This is my first biennial letter as Executive Director of the Brain Institute. I'm pleased to share with you our successes from 2009, and our challenges for 2010-11.
Calendar year 2009 was a year of change and focused activity for the Brain Institute. On January 1st, I was appointed Executive Director to succeed Thomas Parks, who was named Vice President for Research in 2008. With the guidance of our superb Executive Advisory Committee, I reorganized the Brain Institute staff with the goals of delivering: (1) excellent pre- and post-award administration for grant proposals submitted through the Brain Institute; (2) useful online tools to instigate and support neuroscience collaborations; (3) opportunities for community building among Utah neuroscientists; and (4) administrative support for five faculty recently hired in partnership with the Utah Science, Technology and Research (USTAR) program. I'm happy to report that the Brain Institute staff made significant progress on all four fronts in 2009, and in so doing, advanced our founding mission.
This was the first full year at the University of Utah for two of the three Brain Institute USTAR teams - Diagnostic Neuroimaging and Circuits of the Brain. The USTAR team I led - Next-Generation Neural Interfaces - recruited a new faculty member, Alan “Chuck” Dorval in 2009. The successes to date of these research groups are impressive, and highlighted in this annual report. The Brain Institute USTAR teams are already serving as foci of collaboration among faculty in Medicine, Health, Pharmacy, Science, Engineering, and Social and Behavioral Sciences.
Collaboration drives the Brain Institute, and vice versa. In 2009, the bulk of our resources and staff time was devoted to building and sustaining interdisciplinary collaborations throughout the Utah neuroscience community.
The Brain Institute's dedication to providing tangible services to the Utah neuroscience community will continue to shape our plans in 2010-11. Of note, the Brain Institute will launch a new program - the Brain Institute March Symposia Series - that will feature invited, world-class neuroscientists and clinicians. Of the two symposia we will host each March, one will have a basic neuroscience theme and the other, a clinical and translational neuroscience theme. The 2010 symposia, to be held at the Utah Museum of Fine Arts, will highlight Imaging neurons (March 1) and Neurobiology of Addiction (March 19). This Spring, the BI will put out a call for proposals from our membership for 2011 topics. In addition, we'll announce a formal process by which BI members can request assistance in preparing interdisciplinary, multi-investigator grant proposals.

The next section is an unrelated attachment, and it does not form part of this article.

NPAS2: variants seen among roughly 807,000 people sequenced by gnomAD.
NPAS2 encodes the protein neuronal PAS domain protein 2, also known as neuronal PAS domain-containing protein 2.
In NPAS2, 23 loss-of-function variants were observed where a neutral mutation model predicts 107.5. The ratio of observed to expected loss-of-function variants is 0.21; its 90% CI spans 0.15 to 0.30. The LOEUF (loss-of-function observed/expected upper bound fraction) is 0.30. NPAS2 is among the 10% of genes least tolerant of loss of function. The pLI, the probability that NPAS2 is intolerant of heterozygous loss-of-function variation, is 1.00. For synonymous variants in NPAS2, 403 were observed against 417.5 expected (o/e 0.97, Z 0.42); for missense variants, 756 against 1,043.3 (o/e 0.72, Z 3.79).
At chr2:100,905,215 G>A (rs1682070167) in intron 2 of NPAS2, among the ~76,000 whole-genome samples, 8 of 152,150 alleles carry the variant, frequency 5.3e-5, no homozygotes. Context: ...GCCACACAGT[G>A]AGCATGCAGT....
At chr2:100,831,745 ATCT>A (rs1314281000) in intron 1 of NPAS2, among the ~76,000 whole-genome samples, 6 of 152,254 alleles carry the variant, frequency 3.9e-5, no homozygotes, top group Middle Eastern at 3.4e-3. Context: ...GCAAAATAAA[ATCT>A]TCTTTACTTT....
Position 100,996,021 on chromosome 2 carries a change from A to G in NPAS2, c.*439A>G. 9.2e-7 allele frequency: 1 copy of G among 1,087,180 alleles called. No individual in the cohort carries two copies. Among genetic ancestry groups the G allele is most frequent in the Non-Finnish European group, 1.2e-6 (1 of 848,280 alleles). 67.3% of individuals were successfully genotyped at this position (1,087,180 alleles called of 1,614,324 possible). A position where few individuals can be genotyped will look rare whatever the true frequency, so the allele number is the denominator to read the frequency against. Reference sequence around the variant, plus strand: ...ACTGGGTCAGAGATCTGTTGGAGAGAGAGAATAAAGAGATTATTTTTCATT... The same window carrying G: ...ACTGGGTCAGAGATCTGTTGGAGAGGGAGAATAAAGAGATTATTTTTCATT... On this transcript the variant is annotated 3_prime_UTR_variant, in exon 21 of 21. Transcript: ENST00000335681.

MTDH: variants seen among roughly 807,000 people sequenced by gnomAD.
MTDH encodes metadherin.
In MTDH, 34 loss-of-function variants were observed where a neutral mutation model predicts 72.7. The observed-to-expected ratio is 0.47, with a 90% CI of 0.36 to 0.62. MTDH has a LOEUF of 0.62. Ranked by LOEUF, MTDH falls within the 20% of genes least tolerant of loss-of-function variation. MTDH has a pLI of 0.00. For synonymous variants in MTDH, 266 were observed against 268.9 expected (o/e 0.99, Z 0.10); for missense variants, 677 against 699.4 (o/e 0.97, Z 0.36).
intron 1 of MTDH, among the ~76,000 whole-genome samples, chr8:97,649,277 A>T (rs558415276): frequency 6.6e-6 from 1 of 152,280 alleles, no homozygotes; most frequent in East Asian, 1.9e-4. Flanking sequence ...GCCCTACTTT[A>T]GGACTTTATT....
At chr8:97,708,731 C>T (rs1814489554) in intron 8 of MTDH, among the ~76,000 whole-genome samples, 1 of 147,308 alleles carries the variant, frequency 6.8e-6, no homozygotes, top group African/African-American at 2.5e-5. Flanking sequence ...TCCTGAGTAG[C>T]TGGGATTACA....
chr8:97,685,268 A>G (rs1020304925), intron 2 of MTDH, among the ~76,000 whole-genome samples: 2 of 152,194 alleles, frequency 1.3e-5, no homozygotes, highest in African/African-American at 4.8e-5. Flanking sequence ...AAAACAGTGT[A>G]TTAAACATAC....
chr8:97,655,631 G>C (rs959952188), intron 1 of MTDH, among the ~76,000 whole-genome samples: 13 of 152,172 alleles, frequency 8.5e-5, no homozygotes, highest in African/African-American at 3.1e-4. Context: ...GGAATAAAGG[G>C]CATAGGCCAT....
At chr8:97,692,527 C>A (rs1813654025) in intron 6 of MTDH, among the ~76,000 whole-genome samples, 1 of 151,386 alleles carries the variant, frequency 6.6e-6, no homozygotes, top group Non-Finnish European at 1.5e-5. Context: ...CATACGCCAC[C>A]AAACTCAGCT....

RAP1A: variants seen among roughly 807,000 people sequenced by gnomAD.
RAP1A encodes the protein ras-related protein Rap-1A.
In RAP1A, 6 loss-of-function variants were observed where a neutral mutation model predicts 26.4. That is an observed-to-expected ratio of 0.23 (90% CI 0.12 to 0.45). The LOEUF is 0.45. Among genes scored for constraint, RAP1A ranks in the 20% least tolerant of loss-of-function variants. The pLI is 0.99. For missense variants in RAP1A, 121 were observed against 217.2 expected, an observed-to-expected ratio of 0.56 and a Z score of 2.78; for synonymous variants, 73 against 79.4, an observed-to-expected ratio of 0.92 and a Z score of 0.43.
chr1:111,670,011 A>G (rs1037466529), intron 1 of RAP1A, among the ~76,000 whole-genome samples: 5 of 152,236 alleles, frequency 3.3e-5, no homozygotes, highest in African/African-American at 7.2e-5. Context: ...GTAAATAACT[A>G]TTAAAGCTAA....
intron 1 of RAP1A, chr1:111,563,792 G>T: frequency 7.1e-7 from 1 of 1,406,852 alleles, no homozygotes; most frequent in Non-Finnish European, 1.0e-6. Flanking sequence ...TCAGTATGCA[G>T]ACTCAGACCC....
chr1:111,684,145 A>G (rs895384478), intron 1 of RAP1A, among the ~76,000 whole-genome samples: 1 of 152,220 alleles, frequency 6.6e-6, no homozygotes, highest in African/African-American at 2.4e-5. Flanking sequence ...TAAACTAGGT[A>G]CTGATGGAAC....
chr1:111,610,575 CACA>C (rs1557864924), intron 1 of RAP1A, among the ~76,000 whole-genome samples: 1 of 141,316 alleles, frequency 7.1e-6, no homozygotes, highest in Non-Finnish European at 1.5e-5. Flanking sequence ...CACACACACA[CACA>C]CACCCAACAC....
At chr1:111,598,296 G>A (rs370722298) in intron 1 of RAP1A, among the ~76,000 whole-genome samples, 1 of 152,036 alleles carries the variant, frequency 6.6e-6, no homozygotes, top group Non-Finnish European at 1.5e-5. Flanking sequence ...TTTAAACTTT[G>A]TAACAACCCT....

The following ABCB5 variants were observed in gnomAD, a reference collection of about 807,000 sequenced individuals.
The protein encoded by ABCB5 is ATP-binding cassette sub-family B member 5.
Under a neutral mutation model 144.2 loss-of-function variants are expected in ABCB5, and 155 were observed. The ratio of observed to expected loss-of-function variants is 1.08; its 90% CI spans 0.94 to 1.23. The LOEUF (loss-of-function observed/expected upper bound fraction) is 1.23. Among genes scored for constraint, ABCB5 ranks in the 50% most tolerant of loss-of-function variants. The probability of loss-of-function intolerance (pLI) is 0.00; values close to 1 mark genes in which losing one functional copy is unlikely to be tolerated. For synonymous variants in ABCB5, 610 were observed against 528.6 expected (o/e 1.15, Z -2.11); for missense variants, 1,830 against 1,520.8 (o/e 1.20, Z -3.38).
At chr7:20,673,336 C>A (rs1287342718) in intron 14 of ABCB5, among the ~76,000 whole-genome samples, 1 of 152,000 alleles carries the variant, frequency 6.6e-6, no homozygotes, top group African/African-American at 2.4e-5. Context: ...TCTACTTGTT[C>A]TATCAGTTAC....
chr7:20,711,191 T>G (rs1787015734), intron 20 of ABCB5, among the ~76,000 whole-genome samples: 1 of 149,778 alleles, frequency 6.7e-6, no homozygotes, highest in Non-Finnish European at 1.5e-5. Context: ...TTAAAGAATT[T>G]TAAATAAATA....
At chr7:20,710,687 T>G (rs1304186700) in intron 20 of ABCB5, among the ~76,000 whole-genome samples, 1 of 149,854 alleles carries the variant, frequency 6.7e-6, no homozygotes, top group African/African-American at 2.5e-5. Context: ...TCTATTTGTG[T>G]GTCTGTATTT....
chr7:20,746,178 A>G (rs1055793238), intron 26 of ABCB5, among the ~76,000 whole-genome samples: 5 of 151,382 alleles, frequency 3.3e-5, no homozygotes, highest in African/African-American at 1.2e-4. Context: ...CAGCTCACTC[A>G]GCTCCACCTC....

Further along the horizon is the completion of the James L. Sorenson Molecular Biotechnology Building, which will become the BI's home. In 2011, our staff and several BI USTAR investigators will move into this new building, which is designed to encourage interdisciplinary interactions and translational efforts. BI faculty, students, and staff will work alongside other investigators who specialize in complementary technical areas, such as nanotechnology and electronics. The building will also house world-class core facilities, and will serve as a centrally located meeting ground for the neuroscience community.
As the BI continues to mature, we face a number of ongoing challenges. Most of these challenges arise from the fact that the BI has finite resources to devote to essentially unlimited needs. How can a small staff provide meaningful assistance to over 140 member faculty, while simultaneously serving as the main source of support for a growing number of “internal” BI USTAR investigators? How involved should the BI be in education and public outreach? How can the BI effect institutional changes that reward faculty for collaborating outside their departmental and college silos? I won't pretend that I have the answers to these questions, but I look forward to working with all of your to identify solutions in a manner that reflects our values of transparency, economic efficiency, integrity and interdisciplinary cooperation.
John A. White, Ph.D.